The House Wednesday rejected a stopgap spending bill that would have put to rest fears of a government shutdown on Oct. 1. A total of 182 Democrats were joined by 48 Republicans in opposing the measure, albeit for very different reasons.
Even Starbucks doesn’t charge $8.24 for a cup of coffee. But that’s precisely how much the Department of Justice overpaid for the beverage it served at one of its conferences, according to a review released Tuesday by the department’s Inspector General.
The Congressional Black Caucus opens its 41st annual legislative conference on Wednesday as a former caucus member with whom they have misgivings is now in the White House.
President Obama received a letter Monday from a coalition of organizations complaining that he is backsliding on his campaign promise to target faith-based discrimination in federally-funded jobs.
In another victory for foes of California’s Proposition 8, a federal district court judge in San Francisco ruled Monday that video recordings of the trial concerning the state’s ban on same-sex marriage should be made public.
New York Rep. Nydia Velasquez played surrogate for President Obama Friday when she told a crowd in downtown Manhattan that passage of the $447 billion American Jobs Act would create 70,000 new jobs in the Big Apple.
A new CNN/ORC International Poll is out and it’s providing ammunition for those on opposite sides of the abortion debate. Abortion rights advocates say the poll results confirm that Americans overwhelmingly favor abortion. Pro-life advocates say the same poll shows that Americans oppose abortion.
Yet another showdown is looming in Congress as the Democratic-controlled Senate Thursday sent the Republican-controlled House a disaster relief bill carrying a price tag twice as much as the House is prepared to spend.
A widely recognized disability advocate is criticizing Pat Robertson for his remarks.
Arizona Gov. Jan Brewer asked a federal judge on Wednesday to throw out a lawsuit by an activist atheist organization seeking to block her from continuing her yearly call for a “Day of Prayer.”
Texas Gov. Rick Perry made an appearance Wednesday at Liberty University in Lynchburg, Va., where the leading contender for the Republican presidential nomination offered testimony about his “faith journey,” while urging students to get involved in the political process.
A California pro-family organization, SaveCalifornia, is asking Jerry Brown, the state’s Democratic governor, to veto what it describes as the “five worst” bills passed by the state’s Democratic-controlled Legislature.
Providing fresh fodder for the increasing number of Americans that believe the country is headed in the wrong direction, the Census Bureau reported Tuesday that the nation’s poverty rate rose in 2010 to its highest level in 27 years, while the median incomes of U.S. households fell to the lowest level in 15 years.
Oklahoma Solicitor General Patrick Wyrick fielded pointed questions Monday from judges on the 10th U.S. Circuit Court of Appeals who asked why a state constitutional amendment banning Sharia law applies only to one religion.
On a day in which a CNN poll reaffirmed his status as the frontrunner for the Republican presidential nomination, Texas Gov. Rick Perry spent much of Monday evening fending off attacks by his seven GOP rivals at a Tampa, Fla., debate cosponsored by Tea Party Express and the cable network.
New York Mayor Michael Bloomberg refuses to budge. With more than 100,000 petitions delivered to his City Hall offices this past week urging him to allow religious leader to offer a few words of prayer at the 9/11 Memorial Service on Sunday, Bloomberg renewed his vow that the 10th anniversary event would remain strictly secular.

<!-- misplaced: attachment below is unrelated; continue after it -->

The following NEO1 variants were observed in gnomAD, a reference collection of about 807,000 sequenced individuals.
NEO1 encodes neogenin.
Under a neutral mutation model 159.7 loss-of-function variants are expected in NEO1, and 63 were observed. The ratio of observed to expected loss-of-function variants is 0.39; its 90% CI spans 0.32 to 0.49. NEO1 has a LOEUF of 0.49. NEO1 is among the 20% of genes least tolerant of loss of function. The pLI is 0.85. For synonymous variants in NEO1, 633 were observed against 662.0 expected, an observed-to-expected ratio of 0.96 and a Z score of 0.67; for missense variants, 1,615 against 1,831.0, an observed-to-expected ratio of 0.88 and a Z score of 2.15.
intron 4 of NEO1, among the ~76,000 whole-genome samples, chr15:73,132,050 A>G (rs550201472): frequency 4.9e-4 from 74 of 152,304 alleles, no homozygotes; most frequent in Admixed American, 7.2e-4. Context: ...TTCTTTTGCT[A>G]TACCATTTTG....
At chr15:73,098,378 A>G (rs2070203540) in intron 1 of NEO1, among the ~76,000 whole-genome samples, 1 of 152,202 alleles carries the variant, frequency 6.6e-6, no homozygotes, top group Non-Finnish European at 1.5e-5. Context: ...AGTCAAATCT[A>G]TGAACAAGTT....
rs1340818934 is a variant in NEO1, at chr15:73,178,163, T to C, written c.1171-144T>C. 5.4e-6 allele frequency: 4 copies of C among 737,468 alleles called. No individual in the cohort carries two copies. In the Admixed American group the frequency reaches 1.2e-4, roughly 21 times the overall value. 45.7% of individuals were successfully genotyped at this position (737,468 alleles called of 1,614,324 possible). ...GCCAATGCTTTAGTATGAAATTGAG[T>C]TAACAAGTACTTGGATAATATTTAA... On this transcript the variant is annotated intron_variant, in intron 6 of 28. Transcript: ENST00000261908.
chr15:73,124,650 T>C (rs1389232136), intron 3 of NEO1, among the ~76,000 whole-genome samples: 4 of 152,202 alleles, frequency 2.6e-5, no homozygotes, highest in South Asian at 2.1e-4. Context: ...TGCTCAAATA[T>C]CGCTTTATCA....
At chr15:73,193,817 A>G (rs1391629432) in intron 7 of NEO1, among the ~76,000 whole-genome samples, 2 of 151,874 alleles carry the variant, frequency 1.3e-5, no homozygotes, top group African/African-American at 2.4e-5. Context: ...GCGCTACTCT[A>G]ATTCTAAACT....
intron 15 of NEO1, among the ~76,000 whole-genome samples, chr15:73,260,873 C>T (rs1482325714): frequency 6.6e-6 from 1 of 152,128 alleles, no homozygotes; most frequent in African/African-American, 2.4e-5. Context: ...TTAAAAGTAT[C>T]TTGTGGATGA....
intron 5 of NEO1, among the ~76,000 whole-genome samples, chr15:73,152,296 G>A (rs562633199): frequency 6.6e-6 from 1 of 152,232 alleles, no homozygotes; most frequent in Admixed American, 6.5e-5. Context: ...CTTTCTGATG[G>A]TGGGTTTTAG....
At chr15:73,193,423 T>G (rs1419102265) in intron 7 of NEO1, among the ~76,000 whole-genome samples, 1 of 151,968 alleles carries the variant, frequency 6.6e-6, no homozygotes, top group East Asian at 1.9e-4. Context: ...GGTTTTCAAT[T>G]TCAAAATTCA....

Does Oklahoma have the power to ban its state courts from citing, or using, Sharia law as a basis of legal decisions? On Monday, the 10th U.S. Circuit Court of Appeals, in Denver, will hear opposing arguments on that thorny constitutional question.
More than five million people in Southern California, western Arizona and the Baja California Peninsula were left without electricity Thursday after a utility worker in Yuma, Ariz., unwittingly triggered a major blackout.
The Mississippi Supreme Court Thursday cleared the way for residents of the Magnolia State to vote on a “personhood” ballot initiative, which would protect the unborn in the earliest stage of life.
With 2011 not even three-quarters complete, the year is shaping up as one of the costliest ever in terms of weather disasters. So far, there have been 10 separate natural disasters with economic losses of $1 billion or more.
A group of faith leaders and clergy hope to hold public prayer service at ground zero this upcoming Saturday, one day before the 10th anniversary of the worst-ever terror attack on U.S. soil.
The black clergy is usually a reliable ally of Democrats, from city hall to the state house to Congress. But on Tuesday, black pastors in North Carolina squared off against Democratic lawmakers over a proposed state constitutional amendment banning same-sex marriage.
With one in six Americans seeking full-time work, according to the Bureau of Labor Statistics, President Obama is preparing to unveil a major jobs package Thursday that reportedly proposes $300 billion in tax cuts and federal spending.
“Flawed” and “biased” is how a spokesman for the American Center for Law and Justice described an article in The Tennessean that painted the group’s principal officer Jay Sekulow as living a life of luxury bankrolled by the money he earned from defending Christian values in court.
It’s nothing new for Jay Sekulow – the newspaper article published yesterday in The Tennessean accusing the Christian lawyer of enriching himself at the expense of donors to two organizations for which he is the principal officer.